I strolled back to the hangar to take a nap, anywhere, a Kingdom for a nap, after waking up I Strolled over to chat with the two Catalina pilots. First thing they said “boy, we had one hell of a turbulent ride” Numan: I had four and a half hours of the stuff, flying in that white thing over there” pointing at his machine. Needles to say the Catalina pilots were impressed. “Then I told them I had no intention of ever flying it again”. They assured me: “Go check with the MET office, it usually calms down towards the end of the afternoon.
had a soft spot for the Consolidated PB-Y Catalina all my life. I so well
remember chatting with te late JR. Wedekind
in his study in
We both got that right!
resolve to never fly again didn’t last long, however. After checking on the
weather forecast, the MET man had to twist my arm to convince me it was safe to
fly at the end of the afternoon, I was hesitant and frightened to fly that
machine of mine again. After a lot deliberation, I made the decision to depart
Schefferville that same afternoon. Passing a huge open pit Iron mine to my
right I then followed a long curving lake on the short two hour hop to
The short flight to Wabush that
evening was smooth and calm as Numan raced sunset to land in
‘Being guided in the dark, is an odd thing though, ultralight are not supposed to fly after dark, to me this was a second; arriving over the lake of Wabush, the town’s lights to my right gave me an eerie and an enormous feeling of homey-ness at the same time. It felt like I was the only person on the whole planet, thus cosy and snug I sat hidden under my Kayak-enclosure. Zooming over the lake, making a faint turn to the left to line-up for the run-way, its landing lights were already switched on, just for little old me’. Those were the moments that made it all worthwhile.
Numan was weathered in Wabush for
four days before he was able to continue on to Sept Isle on the
Weather, however, would again step
in to waylay his plans, for four consecutive early mornings, every time I was
lined up for take-off from Montreal, I would get fogged-in within minutes. En route to Teterboro,
Numan planned a stop in
Miraculously about a mile from
touch down on the runway, the turbulence lessened and he was able to fly the
machine to the ground. Numan spent one day in
Next morning came,
“Good morning New York control, this ultralight Foxtrot Two Eight Alpha Oscar, proudly yapping my call sign through my throat microphone, I just flew an ultralight across the Atlantic, and I’d love to do a victory turn around the Statue of Liberty to celebrate my arrival and then fly back up the Hudson to Teterboro, have you got me radar identified?”
Well sir how about that, congratulations sir, we do have you radar identified, and don’t worry sir, we’ll get you tot the Lady!
“As I circled the Statue a couple
of times, I had a real feeling of satisfaction at having completed my goal. As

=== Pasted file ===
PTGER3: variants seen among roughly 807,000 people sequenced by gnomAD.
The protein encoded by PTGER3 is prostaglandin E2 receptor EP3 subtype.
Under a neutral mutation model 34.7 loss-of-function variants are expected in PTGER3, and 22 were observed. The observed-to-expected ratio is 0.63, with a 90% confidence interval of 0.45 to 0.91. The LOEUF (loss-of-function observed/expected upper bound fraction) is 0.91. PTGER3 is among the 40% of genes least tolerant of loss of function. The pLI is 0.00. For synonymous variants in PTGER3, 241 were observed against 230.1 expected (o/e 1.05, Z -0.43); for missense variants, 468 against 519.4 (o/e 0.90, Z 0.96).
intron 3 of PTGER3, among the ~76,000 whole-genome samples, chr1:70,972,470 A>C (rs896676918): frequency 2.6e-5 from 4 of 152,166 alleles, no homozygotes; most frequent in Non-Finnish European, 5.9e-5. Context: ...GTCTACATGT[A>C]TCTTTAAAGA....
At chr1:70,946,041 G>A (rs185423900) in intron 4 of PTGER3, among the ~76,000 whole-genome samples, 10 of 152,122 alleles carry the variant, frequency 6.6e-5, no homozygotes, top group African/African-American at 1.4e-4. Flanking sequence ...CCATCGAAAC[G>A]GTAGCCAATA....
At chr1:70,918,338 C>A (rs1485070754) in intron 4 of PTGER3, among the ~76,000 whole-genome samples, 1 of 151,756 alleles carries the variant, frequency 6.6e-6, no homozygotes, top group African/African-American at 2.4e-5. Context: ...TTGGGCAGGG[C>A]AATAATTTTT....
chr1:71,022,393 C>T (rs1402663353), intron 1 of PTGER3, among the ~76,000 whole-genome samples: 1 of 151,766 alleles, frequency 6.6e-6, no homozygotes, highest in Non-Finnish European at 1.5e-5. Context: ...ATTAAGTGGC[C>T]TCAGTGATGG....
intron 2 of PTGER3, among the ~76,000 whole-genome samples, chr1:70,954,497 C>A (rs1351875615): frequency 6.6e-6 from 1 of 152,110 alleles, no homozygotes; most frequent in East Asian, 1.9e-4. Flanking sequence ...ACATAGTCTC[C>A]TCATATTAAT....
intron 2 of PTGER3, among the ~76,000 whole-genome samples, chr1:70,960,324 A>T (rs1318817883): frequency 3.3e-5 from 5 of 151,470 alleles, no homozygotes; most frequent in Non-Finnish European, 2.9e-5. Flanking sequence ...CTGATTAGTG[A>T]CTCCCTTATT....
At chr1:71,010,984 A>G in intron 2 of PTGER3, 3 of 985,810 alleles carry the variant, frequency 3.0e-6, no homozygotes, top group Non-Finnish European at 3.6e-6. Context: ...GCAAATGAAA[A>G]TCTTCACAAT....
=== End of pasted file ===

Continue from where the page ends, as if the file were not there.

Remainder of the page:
I headed up the Hudson River, at the tip of
As soon as they heard I was the
first pilot to have flown the
Was it al worth it?
“Well now, to see my now deceased son
Leonard waiting at the gate of
‘THE ONE AND ONLY TRUE FLYING DUTCHMAN’
Whereupon I was whisked away by Dutch television to the airports VIP room. That stipulated its worth, as well as its importance to the spirit of aviation”.
I remember so well, back in 1984 one week before my crash, on an early morning in Corsica, my son Leonard had to go back to school in Holland and had to catch an plane from the Ajaccio airport, I said: “Come on let me fly you there I my ultralight!” - ‘But dad how about my bags?’ - “I’ll stuff them between my legs” - In a meadow close-by the Ajaccio airport we landed, up till today it breaks my heart to see my son running with two bags, jumping over the barbed wire, waving, and sticking up his thumb for a lift to the Terminal, a sight I will never forget.”
“Little big stuff like that, made it worth it! Little big stuff like that makes life worthwhile!
The mere wave of an arm?
“And off course the triumphant lopsided ‘mocking-his-dad-smirk’ when he DID made it over the fence, that too!”
However, would he do it again? That was a hard question for Eppo Harbrink Numan to answer. “The agony of the setbacks was indescribable. If you say was al worth it that means you had an attached value to the expedition before you started it. My first value was to circumnavigate the world for the pure beauty of nature. I got a lot of that, even though I didn’t go around the world. In the end I did it entirely for the environment, and I hope my adventure will give me the opportunity to spread the word about the importance of preserving our environment. Taking the step to fly for the environment isn’t a very difficult one if you are already mesmerized by the beauty and harmony of this planet from above. Now I’m at a new place in my life; I have peace of mind, having fulfilled my goal.”
Would he indeed do it again?
“If I had known what it was going to cost in money and agony, absolutely not. But I did it, and I was the first guy to do it, and by doing so, I proved that, flying an ultralight around the world was now a possibility”. Would he continue his flight to complete a round-the-world trip? “Yes, to further environmental issues, I would absolutely continue, or for that same reason make another trendsetting flight, as long as it will draw the attention of a large international public and the media for Environmental causes. Remember we do need to save this world, and we’re NOT doing it, not by a long shot we’re not”.